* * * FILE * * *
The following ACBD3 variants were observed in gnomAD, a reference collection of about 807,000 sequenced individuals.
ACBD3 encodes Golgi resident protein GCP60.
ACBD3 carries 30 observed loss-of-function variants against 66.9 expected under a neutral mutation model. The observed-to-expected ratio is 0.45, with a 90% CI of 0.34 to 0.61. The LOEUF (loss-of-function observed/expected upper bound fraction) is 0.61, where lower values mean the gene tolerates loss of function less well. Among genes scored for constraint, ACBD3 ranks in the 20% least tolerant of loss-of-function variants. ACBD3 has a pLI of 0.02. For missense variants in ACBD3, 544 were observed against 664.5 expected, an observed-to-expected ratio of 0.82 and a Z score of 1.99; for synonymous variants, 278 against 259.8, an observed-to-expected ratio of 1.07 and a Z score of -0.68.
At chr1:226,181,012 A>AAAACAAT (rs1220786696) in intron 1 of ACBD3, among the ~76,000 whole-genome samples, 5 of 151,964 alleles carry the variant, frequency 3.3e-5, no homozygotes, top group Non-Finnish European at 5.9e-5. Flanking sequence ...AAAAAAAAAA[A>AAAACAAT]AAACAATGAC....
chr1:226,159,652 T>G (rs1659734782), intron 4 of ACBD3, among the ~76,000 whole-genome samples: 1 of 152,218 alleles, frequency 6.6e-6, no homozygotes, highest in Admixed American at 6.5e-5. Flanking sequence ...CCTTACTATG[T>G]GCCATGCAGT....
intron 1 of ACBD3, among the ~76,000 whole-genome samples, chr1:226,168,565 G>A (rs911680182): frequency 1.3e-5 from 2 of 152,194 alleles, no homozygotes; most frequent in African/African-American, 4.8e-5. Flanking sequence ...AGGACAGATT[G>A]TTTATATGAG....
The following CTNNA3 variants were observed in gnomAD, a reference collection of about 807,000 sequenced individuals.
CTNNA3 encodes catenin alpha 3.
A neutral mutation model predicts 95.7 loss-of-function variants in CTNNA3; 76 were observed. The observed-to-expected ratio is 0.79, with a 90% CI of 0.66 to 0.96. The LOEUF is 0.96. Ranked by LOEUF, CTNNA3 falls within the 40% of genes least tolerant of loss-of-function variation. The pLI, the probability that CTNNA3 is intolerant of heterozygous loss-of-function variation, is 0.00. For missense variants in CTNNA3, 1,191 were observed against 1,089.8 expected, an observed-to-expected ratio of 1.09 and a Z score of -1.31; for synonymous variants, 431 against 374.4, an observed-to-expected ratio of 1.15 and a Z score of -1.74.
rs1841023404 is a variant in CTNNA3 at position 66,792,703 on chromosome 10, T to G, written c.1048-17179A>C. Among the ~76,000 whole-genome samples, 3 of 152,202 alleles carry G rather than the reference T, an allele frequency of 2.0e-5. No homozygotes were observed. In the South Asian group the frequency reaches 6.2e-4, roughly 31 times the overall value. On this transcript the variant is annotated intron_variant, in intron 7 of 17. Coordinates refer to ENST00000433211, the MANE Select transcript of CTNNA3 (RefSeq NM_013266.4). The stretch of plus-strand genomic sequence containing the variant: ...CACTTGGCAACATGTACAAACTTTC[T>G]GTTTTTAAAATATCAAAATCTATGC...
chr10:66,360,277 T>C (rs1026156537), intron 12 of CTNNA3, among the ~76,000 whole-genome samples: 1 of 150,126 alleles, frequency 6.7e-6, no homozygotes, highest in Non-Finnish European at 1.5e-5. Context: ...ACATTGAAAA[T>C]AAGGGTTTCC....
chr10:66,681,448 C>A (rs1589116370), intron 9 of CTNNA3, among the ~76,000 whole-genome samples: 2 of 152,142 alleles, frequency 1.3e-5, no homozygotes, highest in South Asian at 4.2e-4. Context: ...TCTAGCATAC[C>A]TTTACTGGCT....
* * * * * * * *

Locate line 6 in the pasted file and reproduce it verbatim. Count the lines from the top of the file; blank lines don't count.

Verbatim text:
intron 1 of ACBD3, among the ~76,000 whole-genome samples, chr1:226,168,565 G>A (rs911680182): frequency 1.3e-5 from 2 of 152,194 alleles, no homozygotes; most frequent in African/African-American, 4.8e-5. Flanking sequence ...AGGACAGATT[G>A]TTTATATGAG....